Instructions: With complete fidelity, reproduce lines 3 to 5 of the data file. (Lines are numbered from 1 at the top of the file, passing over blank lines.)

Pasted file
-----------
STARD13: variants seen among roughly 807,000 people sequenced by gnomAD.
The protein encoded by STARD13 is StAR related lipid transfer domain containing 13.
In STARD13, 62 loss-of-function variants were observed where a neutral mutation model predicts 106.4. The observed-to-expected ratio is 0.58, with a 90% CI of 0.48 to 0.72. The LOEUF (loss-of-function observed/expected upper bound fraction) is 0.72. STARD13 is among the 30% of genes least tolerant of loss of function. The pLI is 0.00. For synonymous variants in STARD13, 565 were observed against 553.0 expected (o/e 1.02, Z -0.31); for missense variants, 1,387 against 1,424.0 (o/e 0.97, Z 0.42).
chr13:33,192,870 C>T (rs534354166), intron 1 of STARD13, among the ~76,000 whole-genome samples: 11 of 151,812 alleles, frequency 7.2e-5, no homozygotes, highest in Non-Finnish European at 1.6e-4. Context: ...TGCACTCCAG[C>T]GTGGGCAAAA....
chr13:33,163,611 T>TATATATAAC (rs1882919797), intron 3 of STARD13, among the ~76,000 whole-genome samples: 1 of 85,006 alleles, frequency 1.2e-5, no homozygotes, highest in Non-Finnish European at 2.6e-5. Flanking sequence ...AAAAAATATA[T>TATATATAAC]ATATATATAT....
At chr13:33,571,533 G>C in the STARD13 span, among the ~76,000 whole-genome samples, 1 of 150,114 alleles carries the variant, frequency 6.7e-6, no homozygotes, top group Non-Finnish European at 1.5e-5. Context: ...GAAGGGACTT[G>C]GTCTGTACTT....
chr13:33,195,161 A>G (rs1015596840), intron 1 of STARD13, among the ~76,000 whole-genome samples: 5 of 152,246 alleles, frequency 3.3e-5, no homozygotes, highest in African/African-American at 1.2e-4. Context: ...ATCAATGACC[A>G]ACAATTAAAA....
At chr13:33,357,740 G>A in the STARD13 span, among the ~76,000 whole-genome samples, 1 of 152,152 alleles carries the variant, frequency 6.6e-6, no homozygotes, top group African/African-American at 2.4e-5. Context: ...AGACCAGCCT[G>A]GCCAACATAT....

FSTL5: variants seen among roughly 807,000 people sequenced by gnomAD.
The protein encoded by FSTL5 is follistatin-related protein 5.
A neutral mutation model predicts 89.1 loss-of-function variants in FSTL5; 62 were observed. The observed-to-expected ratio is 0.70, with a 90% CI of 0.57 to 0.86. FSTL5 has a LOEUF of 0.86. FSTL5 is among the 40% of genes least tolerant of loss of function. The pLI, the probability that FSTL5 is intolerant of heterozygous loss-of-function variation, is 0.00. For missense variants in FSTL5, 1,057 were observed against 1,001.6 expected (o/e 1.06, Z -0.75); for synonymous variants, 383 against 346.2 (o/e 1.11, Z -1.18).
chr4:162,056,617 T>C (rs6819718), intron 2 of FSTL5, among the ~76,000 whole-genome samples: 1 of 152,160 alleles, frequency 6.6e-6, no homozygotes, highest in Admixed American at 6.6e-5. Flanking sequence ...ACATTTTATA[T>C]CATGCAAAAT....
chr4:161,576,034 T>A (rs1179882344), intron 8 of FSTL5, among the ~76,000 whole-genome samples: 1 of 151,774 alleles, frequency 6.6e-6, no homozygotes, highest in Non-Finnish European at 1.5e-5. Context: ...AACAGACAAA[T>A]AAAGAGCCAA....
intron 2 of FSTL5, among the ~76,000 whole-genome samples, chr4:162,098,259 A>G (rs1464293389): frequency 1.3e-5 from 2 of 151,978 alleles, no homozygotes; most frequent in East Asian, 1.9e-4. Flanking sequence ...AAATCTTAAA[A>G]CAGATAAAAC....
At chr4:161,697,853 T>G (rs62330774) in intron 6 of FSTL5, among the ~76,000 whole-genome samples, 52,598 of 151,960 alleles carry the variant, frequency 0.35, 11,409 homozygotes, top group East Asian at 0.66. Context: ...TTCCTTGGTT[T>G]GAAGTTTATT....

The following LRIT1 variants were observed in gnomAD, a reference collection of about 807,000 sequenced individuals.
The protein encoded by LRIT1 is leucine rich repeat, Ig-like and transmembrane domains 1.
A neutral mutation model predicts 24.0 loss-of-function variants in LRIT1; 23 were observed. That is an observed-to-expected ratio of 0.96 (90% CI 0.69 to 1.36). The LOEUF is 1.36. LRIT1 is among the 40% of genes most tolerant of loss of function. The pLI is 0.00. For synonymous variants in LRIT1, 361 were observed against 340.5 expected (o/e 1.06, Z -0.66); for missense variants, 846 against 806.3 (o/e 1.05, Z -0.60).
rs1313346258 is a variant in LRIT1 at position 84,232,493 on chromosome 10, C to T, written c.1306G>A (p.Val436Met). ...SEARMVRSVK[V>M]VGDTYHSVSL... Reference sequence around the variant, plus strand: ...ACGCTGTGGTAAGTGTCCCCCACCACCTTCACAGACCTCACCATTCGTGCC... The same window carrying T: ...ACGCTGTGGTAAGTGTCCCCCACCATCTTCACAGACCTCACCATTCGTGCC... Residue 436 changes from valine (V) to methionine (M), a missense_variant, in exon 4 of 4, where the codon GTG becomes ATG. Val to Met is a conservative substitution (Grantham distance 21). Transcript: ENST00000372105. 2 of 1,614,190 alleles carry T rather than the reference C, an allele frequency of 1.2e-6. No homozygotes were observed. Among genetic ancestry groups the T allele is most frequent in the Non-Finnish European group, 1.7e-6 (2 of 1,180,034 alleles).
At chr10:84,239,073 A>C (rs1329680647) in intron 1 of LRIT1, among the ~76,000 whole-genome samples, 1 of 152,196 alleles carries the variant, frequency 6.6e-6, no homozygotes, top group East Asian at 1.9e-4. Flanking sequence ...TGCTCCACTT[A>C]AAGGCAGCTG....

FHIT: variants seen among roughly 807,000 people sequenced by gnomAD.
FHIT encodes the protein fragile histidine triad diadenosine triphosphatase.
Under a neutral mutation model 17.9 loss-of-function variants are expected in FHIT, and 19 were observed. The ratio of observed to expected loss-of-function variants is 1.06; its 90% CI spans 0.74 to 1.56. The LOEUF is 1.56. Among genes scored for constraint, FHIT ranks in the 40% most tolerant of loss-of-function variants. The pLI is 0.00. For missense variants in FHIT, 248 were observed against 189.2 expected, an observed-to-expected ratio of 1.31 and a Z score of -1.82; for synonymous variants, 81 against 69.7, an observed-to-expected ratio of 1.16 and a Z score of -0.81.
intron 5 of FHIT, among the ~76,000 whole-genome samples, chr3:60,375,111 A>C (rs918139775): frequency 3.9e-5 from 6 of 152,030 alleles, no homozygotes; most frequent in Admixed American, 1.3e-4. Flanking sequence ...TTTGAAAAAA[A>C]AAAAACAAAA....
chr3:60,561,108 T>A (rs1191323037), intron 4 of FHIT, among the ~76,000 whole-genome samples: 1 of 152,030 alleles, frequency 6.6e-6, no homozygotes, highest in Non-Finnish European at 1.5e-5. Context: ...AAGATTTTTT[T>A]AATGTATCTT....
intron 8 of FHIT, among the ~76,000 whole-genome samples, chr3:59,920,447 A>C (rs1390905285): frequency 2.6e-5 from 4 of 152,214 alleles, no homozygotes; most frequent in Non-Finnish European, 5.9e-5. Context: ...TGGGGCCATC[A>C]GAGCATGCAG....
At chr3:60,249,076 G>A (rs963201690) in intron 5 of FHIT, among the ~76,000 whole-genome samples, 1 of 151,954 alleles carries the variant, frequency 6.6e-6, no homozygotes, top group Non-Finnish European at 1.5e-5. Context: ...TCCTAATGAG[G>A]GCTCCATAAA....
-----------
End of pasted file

In STARD13, 62 loss-of-function variants were observed where a neutral mutation model predicts 106.4. The observed-to-expected ratio is 0.58, with a 90% CI of 0.48 to 0.72. The LOEUF (loss-of-function observed/expected upper bound fraction) is 0.72. STARD13 is among the 30% of genes least tolerant of loss of function. The pLI is 0.00. For synonymous variants in STARD13, 565 were observed against 553.0 expected (o/e 1.02, Z -0.31); for missense variants, 1,387 against 1,424.0 (o/e 0.97, Z 0.42).
chr13:33,192,870 C>T (rs534354166), intron 1 of STARD13, among the ~76,000 whole-genome samples: 11 of 151,812 alleles, frequency 7.2e-5, no homozygotes, highest in Non-Finnish European at 1.6e-4. Context: ...TGCACTCCAG[C>T]GTGGGCAAAA....
chr13:33,163,611 T>TATATATAAC (rs1882919797), intron 3 of STARD13, among the ~76,000 whole-genome samples: 1 of 85,006 alleles, frequency 1.2e-5, no homozygotes, highest in Non-Finnish European at 2.6e-5. Flanking sequence ...AAAAAATATA[T>TATATATAAC]ATATATATAT....